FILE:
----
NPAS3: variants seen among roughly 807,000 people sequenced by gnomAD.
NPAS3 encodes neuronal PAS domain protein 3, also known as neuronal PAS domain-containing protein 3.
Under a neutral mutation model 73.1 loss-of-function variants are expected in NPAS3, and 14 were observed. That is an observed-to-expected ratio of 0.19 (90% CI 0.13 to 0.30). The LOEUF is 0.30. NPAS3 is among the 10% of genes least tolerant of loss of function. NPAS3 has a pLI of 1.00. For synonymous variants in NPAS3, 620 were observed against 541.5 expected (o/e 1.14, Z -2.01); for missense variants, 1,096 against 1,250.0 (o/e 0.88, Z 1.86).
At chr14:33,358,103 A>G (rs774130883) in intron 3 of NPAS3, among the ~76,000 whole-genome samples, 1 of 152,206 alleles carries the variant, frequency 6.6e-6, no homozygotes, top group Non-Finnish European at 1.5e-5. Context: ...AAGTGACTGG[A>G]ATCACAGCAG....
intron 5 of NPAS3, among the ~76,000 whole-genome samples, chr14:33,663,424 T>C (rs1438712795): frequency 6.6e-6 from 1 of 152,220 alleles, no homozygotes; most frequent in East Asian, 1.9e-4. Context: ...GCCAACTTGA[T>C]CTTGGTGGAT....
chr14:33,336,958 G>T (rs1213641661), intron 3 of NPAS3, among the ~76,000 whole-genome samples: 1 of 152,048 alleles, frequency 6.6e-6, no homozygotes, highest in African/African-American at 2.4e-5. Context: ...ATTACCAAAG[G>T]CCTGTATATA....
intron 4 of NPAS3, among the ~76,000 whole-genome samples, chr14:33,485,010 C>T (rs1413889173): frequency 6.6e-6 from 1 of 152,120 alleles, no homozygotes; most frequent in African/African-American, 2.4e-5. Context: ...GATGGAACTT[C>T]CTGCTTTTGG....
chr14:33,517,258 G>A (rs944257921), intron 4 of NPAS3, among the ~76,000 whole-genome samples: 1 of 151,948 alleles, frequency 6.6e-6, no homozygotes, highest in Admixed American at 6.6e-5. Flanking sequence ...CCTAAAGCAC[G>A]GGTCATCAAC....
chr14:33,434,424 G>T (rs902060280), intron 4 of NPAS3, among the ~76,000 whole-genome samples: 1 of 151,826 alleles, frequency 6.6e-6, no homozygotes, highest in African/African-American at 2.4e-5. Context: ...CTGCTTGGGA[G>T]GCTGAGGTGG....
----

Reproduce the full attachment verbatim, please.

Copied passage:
NPAS3: variants seen among roughly 807,000 people sequenced by gnomAD.
NPAS3 encodes neuronal PAS domain protein 3, also known as neuronal PAS domain-containing protein 3.
Under a neutral mutation model 73.1 loss-of-function variants are expected in NPAS3, and 14 were observed. That is an observed-to-expected ratio of 0.19 (90% CI 0.13 to 0.30). The LOEUF is 0.30. NPAS3 is among the 10% of genes least tolerant of loss of function. NPAS3 has a pLI of 1.00. For synonymous variants in NPAS3, 620 were observed against 541.5 expected (o/e 1.14, Z -2.01); for missense variants, 1,096 against 1,250.0 (o/e 0.88, Z 1.86).
At chr14:33,358,103 A>G (rs774130883) in intron 3 of NPAS3, among the ~76,000 whole-genome samples, 1 of 152,206 alleles carries the variant, frequency 6.6e-6, no homozygotes, top group Non-Finnish European at 1.5e-5. Context: ...AAGTGACTGG[A>G]ATCACAGCAG....
intron 5 of NPAS3, among the ~76,000 whole-genome samples, chr14:33,663,424 T>C (rs1438712795): frequency 6.6e-6 from 1 of 152,220 alleles, no homozygotes; most frequent in East Asian, 1.9e-4. Context: ...GCCAACTTGA[T>C]CTTGGTGGAT....
chr14:33,336,958 G>T (rs1213641661), intron 3 of NPAS3, among the ~76,000 whole-genome samples: 1 of 152,048 alleles, frequency 6.6e-6, no homozygotes, highest in African/African-American at 2.4e-5. Context: ...ATTACCAAAG[G>T]CCTGTATATA....
intron 4 of NPAS3, among the ~76,000 whole-genome samples, chr14:33,485,010 C>T (rs1413889173): frequency 6.6e-6 from 1 of 152,120 alleles, no homozygotes; most frequent in African/African-American, 2.4e-5. Context: ...GATGGAACTT[C>T]CTGCTTTTGG....
chr14:33,517,258 G>A (rs944257921), intron 4 of NPAS3, among the ~76,000 whole-genome samples: 1 of 151,948 alleles, frequency 6.6e-6, no homozygotes, highest in Admixed American at 6.6e-5. Flanking sequence ...CCTAAAGCAC[G>A]GGTCATCAAC....
chr14:33,434,424 G>T (rs902060280), intron 4 of NPAS3, among the ~76,000 whole-genome samples: 1 of 151,826 alleles, frequency 6.6e-6, no homozygotes, highest in African/African-American at 2.4e-5. Context: ...CTGCTTGGGA[G>T]GCTGAGGTGG....